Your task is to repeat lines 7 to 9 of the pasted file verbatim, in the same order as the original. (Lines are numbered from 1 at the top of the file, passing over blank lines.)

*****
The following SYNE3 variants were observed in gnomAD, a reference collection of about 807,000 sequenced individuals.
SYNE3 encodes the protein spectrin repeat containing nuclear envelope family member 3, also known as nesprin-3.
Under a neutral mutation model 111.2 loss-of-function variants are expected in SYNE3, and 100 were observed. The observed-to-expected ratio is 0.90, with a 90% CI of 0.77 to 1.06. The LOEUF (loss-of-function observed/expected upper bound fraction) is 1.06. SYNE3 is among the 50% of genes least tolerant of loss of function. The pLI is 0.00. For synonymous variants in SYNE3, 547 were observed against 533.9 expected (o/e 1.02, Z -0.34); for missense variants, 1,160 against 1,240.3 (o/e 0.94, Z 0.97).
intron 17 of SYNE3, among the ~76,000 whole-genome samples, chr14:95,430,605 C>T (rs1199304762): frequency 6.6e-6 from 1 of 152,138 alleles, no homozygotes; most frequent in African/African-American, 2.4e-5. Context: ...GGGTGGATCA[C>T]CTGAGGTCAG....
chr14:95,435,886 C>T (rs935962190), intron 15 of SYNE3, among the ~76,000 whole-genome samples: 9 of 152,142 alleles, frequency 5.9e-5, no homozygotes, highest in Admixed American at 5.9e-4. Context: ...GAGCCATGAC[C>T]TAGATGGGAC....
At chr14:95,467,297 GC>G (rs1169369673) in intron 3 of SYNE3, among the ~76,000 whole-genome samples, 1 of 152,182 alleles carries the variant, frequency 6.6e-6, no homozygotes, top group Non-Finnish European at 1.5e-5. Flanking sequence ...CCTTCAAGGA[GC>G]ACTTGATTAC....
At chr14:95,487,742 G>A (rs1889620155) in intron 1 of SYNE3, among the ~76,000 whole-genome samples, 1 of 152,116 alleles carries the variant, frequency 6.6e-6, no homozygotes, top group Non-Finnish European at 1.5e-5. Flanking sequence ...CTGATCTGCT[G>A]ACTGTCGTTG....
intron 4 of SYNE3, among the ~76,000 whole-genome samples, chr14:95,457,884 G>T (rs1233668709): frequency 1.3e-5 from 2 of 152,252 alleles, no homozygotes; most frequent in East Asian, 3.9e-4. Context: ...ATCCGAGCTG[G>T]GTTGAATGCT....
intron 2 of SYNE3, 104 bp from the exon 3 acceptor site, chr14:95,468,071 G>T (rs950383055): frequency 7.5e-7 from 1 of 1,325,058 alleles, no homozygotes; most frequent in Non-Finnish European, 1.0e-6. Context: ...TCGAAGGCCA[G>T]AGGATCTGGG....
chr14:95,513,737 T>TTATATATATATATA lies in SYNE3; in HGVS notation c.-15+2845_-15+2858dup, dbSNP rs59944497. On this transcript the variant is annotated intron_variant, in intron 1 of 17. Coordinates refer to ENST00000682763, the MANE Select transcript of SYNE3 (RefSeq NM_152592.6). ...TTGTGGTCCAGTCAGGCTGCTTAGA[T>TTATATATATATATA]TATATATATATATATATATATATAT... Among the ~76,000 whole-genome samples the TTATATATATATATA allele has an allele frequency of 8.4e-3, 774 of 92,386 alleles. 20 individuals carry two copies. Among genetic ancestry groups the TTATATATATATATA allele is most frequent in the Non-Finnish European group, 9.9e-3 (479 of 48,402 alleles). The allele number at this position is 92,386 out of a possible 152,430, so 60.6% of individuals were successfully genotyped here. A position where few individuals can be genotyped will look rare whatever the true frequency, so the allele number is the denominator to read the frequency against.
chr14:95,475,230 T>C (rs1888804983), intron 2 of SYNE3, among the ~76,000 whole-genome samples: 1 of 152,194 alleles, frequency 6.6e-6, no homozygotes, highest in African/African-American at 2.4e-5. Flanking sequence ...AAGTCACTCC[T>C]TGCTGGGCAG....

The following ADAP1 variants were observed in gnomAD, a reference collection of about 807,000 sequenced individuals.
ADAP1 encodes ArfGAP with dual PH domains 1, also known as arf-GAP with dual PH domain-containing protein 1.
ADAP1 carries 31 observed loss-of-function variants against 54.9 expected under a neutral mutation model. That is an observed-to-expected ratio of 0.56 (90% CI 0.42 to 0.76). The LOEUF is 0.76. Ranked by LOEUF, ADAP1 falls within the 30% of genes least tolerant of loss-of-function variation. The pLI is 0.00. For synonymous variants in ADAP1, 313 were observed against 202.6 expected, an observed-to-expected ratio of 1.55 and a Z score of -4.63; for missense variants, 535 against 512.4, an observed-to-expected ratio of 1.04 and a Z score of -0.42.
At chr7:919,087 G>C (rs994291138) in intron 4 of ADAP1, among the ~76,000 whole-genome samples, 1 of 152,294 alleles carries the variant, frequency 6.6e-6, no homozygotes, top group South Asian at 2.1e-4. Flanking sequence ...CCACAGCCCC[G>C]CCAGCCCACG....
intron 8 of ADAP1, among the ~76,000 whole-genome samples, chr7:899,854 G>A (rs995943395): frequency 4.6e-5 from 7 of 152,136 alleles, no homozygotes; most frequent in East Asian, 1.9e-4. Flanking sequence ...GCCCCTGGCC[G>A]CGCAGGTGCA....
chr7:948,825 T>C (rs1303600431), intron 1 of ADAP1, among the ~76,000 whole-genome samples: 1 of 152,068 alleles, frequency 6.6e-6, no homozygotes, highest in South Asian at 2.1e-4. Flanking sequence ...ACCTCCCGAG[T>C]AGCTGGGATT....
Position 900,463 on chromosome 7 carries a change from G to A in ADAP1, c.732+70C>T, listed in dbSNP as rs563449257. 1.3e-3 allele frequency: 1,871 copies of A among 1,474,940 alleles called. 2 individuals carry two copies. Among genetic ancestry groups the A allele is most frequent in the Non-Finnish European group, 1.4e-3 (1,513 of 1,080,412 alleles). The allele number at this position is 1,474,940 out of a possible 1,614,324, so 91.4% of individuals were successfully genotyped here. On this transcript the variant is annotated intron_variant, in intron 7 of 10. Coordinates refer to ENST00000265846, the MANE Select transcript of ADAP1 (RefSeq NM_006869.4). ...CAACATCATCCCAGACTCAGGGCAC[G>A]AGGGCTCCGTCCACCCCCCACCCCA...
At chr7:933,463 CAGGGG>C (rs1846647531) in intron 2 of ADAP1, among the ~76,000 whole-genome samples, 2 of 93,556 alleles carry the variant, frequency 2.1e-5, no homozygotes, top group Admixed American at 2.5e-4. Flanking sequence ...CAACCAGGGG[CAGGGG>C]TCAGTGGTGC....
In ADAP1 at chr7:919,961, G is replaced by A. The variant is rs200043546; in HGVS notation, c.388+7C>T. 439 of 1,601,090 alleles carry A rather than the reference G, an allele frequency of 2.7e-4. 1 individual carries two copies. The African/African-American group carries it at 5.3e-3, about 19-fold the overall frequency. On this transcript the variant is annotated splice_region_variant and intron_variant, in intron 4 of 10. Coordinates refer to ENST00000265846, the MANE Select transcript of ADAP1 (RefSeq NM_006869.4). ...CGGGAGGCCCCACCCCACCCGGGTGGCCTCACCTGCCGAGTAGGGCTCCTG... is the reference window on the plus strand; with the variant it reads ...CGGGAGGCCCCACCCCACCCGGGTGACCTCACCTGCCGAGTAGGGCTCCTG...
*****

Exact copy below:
At chr14:95,487,742 G>A (rs1889620155) in intron 1 of SYNE3, among the ~76,000 whole-genome samples, 1 of 152,116 alleles carries the variant, frequency 6.6e-6, no homozygotes, top group Non-Finnish European at 1.5e-5. Flanking sequence ...CTGATCTGCT[G>A]ACTGTCGTTG....
intron 4 of SYNE3, among the ~76,000 whole-genome samples, chr14:95,457,884 G>T (rs1233668709): frequency 1.3e-5 from 2 of 152,252 alleles, no homozygotes; most frequent in East Asian, 3.9e-4. Context: ...ATCCGAGCTG[G>T]GTTGAATGCT....
intron 2 of SYNE3, 104 bp from the exon 3 acceptor site, chr14:95,468,071 G>T (rs950383055): frequency 7.5e-7 from 1 of 1,325,058 alleles, no homozygotes; most frequent in Non-Finnish European, 1.0e-6. Context: ...TCGAAGGCCA[G>T]AGGATCTGGG....